Establishing a Mental Health Clinic for Criminal Justice-involved IndividualsResponding to the comprehensive treatment needs of criminal justice-involved individuals with mental illness is a major challenge for both criminal justice and mental health officials.
Center for Alternative Sentencing and Employment Services, Inc. / CASES
Special Projects Fund
April 2013 – January 2015
Responding to the comprehensive treatment needs of criminal justice-involved individuals with mental illness is a major challenge for both criminal justice and mental health officials. Individuals with mental health diagnoses are admitted to jail more frequently than people without mental illnesses for the same offenses, and nearly half of people with mental illness who are incarcerated return to jail within a year. Of youth held in New York State detention, 54% have mental illnesses, 63% have substance use disorders, and 54% have physical health disorders. Many New York City mental health clinics have long waiting lists for treatment and little or no experience serving individuals involved with the criminal justice system. In 2013, NYHealth awarded a grant to the Center for Alternative Sentencing and Employment Services (CASES) to open the first mental health clinic in New York State that is specifically designed to meet the needs of youth and adults involved with the criminal justice system.
Outcomes and Lessons Learned
- Developed a clinic model that integrates evidence-based therapy, intervention, and treatment models;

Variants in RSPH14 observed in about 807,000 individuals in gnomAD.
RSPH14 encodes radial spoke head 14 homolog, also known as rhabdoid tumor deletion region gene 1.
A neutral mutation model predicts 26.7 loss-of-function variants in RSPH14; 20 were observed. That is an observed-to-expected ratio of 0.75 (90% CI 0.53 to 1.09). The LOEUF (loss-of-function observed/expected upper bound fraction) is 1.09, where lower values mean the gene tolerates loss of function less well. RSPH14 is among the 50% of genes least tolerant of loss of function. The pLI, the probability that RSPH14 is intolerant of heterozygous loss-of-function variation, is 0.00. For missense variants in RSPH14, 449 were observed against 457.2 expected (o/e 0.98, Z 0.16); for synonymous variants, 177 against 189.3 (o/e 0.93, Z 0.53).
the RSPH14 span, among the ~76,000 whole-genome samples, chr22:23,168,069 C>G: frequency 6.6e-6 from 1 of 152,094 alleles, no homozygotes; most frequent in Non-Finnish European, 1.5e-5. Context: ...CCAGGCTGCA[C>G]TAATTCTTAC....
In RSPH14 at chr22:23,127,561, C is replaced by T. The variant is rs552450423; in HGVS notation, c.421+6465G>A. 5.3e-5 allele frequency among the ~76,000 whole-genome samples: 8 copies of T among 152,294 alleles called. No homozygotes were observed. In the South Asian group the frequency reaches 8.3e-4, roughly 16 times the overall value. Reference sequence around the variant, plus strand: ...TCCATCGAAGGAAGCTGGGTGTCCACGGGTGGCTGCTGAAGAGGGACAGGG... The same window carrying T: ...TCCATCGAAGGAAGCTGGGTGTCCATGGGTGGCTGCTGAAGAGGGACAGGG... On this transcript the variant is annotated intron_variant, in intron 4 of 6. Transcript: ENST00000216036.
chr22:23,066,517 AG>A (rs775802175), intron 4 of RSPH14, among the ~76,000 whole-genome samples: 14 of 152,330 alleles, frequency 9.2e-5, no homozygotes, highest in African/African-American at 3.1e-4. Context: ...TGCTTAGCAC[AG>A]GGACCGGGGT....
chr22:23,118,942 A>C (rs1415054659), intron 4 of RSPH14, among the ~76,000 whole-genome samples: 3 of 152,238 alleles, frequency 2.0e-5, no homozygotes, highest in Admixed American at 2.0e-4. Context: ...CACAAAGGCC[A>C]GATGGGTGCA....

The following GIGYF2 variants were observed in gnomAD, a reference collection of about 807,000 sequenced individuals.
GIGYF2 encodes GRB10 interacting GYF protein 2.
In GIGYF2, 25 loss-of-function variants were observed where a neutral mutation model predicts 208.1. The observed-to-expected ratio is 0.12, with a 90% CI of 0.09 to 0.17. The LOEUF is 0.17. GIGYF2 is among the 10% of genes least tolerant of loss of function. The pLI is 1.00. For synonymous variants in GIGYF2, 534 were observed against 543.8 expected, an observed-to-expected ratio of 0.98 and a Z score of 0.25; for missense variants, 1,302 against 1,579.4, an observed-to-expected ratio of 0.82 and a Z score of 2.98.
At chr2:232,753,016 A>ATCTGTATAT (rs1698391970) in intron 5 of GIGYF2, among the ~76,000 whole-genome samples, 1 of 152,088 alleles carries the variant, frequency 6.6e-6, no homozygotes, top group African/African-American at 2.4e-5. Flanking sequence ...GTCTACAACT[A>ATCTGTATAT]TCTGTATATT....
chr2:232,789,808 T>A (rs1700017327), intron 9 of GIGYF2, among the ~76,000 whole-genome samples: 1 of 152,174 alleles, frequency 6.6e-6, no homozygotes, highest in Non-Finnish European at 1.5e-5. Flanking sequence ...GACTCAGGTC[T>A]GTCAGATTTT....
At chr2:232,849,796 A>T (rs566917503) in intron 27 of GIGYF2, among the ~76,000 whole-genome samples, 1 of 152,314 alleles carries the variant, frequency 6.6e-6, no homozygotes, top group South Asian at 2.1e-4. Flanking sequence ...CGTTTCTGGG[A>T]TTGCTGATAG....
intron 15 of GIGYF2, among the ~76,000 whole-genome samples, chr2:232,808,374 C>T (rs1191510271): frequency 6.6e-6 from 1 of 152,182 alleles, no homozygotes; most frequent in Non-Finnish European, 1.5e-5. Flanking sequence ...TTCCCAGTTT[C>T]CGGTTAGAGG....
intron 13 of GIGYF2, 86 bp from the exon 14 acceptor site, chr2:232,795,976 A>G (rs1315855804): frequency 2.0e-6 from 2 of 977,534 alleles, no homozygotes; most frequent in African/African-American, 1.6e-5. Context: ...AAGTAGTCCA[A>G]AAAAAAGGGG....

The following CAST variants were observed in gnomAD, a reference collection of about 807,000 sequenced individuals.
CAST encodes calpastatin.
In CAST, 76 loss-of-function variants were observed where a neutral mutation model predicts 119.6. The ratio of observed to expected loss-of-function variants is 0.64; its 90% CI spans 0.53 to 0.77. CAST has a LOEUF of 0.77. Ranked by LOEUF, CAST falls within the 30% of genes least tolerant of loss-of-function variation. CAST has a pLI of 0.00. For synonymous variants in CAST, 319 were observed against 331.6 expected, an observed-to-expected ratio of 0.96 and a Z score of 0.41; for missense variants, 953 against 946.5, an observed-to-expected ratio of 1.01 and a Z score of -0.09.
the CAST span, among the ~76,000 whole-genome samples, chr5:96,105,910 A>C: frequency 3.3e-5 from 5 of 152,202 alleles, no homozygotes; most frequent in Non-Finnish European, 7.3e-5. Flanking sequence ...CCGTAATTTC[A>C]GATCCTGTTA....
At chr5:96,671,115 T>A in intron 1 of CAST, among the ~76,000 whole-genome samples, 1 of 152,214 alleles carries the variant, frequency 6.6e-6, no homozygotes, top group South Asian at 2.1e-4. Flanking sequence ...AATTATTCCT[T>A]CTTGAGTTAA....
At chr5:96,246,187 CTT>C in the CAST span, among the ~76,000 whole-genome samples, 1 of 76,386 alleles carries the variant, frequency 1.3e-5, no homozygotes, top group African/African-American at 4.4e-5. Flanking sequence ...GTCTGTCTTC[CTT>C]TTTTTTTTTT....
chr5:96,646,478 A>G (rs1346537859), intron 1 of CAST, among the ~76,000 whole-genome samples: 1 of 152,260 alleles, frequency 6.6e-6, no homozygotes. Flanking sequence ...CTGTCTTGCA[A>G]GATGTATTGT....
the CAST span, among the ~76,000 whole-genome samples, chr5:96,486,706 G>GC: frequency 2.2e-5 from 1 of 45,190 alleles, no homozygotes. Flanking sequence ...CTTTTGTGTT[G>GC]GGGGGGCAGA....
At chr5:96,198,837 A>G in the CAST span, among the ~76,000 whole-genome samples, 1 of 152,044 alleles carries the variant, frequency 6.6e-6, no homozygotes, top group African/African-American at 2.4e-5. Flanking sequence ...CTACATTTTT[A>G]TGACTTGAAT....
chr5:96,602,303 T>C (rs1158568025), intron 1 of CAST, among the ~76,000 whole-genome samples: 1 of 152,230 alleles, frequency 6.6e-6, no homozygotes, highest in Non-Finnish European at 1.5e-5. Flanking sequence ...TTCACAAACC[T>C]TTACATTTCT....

- Opened the Nathaniel Clinic in September 2014—the first Article 31-licensed clinic in the State designed to provide outpatient mental health treatment to youth and adults involved with the criminal justice system;
- Established partnerships with several criminal justice agencies, community-based organizations, and health care providers for outreach and referrals;
- Served 394 clients, including 73 young people ages 13–21 over the grant period;
- Developed a staff training curriculum, including assessment protocols, treatment protocols and approaches, and complex care management; and
- Developed an evaluation plan to analyze the features and preliminary outcomes of the clinic.
CASES’ President/CEO and Director of Adult Behavioral Health Programs were appointed to the Mayor’s Task Force on Behavioral Health and Criminal Justice System, which was convened in 2014 with the goal of reducing the number of people with behavioral health issues in the criminal justice system. The task force produced an action plan that looks at gaps in the system and makes recommendations for reform, including addressing the overrepresentation of youth and adults with mental illness in the criminal justice system.
Although the clinic has had a large impact on the mental health front, many of its patients are not engaged in primary care or not connected in a way that sufficiently addresses their medical conditions. In 2015, NYHealth awarded a grant to CASES to partner with the Institute for Family Health to integrate primary care services into the Nathaniel Clinic’s mental health services.
Co-Funding and Additional Funds Leveraged: CASES leveraged NYHealth’s support for this project to secure additional funding for the Nathaniel Clinic from the New York Community Trust ($70,000), Sidney R. Baer Jr. Foundation ($300,000), Viola W. Bernard Fund ($17,500), van Amerigen Foundation ($100,000), and the Manhattan Borough President’s Office Capital Fund ($40,000). Additional support for the Nathaniel Clinic includes the Change Capital Award from the Nonprofit Finance Fund ($300,000) and a four-year grant from the Substance Abuse and Mental Health Services Administration ($1.6 million).